the GIANT robots & dinosaurs at this Tokyo tire park
(Check out Mars & Rita in the studio, tricking out a shopping cart, and posing with mayors and senators.)
Inspiration Green (a beautiful and killer site!) has a page cataloging all kinds of uses for tires in art and design. Here's just a little selection.
So by the time I finally found the celebrated Ray’s Tire Exchange here in town (under the Wells Avenue overpass) I already had a general idea of what I wanted to do. I was thinking of something a 40 lb kid could bounce and climb on, but also crawl under/through. Something that might get them dirty, but not that they were going to cut or strangle themselves on. Also, if I could make it look like some kind of monster, all the better.
While I was in getting the tires, Ash and Tom did a good job waiting patiently in the truck--partly because I told them this was about building something fun, and I think partly because it was an unfamiliar part of town, where they felt more inclined to sit tight than to get out and wander. Sure enough, Ray’s had heaps of them, and the perfect “whatever. over there’s the scrap pile. help yourself” attitude.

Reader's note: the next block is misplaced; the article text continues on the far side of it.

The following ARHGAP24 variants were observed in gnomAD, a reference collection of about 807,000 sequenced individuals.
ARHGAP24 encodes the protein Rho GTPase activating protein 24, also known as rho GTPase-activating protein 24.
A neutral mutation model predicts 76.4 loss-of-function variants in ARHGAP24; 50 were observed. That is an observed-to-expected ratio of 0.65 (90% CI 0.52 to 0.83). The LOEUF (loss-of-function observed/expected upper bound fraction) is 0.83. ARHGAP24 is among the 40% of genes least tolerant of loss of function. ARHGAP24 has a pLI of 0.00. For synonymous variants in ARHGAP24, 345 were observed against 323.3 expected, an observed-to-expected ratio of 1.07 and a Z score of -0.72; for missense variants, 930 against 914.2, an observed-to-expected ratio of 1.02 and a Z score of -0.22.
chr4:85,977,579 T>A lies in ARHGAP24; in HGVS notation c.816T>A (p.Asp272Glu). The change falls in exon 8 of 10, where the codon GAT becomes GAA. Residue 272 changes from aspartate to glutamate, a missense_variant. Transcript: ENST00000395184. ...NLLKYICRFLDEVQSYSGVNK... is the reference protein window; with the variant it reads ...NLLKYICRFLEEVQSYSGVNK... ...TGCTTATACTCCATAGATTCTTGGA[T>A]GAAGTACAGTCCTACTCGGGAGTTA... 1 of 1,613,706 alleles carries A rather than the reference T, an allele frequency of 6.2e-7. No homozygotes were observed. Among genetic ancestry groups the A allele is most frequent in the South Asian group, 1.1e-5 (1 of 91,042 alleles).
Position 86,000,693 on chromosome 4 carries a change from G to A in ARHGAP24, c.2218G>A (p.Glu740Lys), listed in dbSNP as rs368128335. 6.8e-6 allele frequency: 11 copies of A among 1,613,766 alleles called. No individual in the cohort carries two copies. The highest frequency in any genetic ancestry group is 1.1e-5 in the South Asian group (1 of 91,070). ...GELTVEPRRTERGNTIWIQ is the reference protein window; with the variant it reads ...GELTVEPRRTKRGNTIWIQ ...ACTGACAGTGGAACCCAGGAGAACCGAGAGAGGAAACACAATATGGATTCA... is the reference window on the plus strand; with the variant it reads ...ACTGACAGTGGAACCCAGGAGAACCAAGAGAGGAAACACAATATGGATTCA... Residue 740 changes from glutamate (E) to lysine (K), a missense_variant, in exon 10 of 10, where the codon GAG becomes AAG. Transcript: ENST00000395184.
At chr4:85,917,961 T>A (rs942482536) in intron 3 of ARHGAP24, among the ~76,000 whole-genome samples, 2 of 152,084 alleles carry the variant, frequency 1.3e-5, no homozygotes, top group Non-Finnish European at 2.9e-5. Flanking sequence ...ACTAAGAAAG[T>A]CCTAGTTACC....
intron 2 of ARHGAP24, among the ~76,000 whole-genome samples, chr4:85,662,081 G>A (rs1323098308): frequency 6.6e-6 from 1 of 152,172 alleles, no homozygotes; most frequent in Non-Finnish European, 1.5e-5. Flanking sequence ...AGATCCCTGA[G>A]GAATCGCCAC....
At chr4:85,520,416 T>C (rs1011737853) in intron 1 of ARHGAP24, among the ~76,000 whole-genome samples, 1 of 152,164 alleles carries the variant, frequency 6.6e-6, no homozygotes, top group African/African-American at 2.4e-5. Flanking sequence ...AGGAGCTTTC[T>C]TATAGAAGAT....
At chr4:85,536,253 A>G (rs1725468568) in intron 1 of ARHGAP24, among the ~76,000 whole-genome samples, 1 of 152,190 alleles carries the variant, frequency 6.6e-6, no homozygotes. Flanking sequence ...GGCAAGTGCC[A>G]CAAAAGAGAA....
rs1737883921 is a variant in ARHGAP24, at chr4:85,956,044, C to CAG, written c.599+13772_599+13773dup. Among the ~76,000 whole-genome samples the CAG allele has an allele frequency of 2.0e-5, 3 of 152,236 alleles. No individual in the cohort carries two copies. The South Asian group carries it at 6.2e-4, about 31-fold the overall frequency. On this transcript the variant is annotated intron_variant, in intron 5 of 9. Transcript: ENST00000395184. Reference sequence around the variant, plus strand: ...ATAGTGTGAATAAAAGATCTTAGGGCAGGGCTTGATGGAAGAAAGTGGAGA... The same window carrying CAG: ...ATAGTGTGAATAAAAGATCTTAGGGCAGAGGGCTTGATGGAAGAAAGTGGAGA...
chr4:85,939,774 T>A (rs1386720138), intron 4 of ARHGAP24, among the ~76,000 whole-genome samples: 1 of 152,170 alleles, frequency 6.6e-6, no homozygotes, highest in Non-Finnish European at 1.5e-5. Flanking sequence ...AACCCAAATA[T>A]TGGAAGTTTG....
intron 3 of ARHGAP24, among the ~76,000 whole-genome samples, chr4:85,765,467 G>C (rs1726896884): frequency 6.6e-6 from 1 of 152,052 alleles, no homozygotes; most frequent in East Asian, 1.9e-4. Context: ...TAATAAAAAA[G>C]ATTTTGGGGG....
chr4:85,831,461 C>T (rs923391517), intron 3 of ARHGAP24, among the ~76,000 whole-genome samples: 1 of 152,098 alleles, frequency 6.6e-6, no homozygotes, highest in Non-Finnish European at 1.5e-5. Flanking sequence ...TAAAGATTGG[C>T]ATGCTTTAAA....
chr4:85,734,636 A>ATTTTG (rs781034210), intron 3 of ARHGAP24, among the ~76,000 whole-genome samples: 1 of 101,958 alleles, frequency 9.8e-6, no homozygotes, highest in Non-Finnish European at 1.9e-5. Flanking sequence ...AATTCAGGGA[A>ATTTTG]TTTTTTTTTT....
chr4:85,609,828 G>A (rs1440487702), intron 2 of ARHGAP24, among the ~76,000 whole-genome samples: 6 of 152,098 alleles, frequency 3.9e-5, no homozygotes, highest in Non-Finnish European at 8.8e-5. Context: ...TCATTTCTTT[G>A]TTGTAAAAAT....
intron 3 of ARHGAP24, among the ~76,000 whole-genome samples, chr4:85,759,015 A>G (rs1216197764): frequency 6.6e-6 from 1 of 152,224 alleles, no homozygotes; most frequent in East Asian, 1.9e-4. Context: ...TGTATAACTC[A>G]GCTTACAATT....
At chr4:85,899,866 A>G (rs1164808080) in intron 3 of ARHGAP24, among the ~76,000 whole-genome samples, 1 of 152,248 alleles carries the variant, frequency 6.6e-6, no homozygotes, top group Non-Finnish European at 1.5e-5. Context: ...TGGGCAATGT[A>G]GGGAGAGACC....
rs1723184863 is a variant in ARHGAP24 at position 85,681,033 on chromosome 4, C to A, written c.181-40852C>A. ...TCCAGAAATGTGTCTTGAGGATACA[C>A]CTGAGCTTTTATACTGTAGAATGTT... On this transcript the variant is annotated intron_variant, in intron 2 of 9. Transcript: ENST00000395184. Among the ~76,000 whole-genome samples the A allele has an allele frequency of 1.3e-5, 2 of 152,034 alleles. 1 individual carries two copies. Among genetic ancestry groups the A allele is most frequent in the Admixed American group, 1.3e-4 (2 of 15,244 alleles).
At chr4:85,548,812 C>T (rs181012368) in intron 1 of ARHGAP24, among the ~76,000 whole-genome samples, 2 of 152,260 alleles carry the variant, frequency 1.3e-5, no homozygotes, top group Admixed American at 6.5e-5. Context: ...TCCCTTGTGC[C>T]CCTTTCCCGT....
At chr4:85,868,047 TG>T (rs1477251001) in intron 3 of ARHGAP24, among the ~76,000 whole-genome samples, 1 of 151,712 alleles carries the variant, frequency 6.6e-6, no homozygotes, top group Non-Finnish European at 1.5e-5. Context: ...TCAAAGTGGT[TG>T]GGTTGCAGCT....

We took home 6 tires and, for now, this is what we came up with. I worked a few old bike tires into it too and, aside from those, there was no sawing or chopping of rubber or steel belts here. But if you’re looking for encouragement in this direction, here's a short, surprisingly soothing video about how to cut up tires for stuff like this.
Of course there's no guarantee that anything you make will stay that interesting for very long, especially when there's hanging laundry to play in; it gets hard to compete.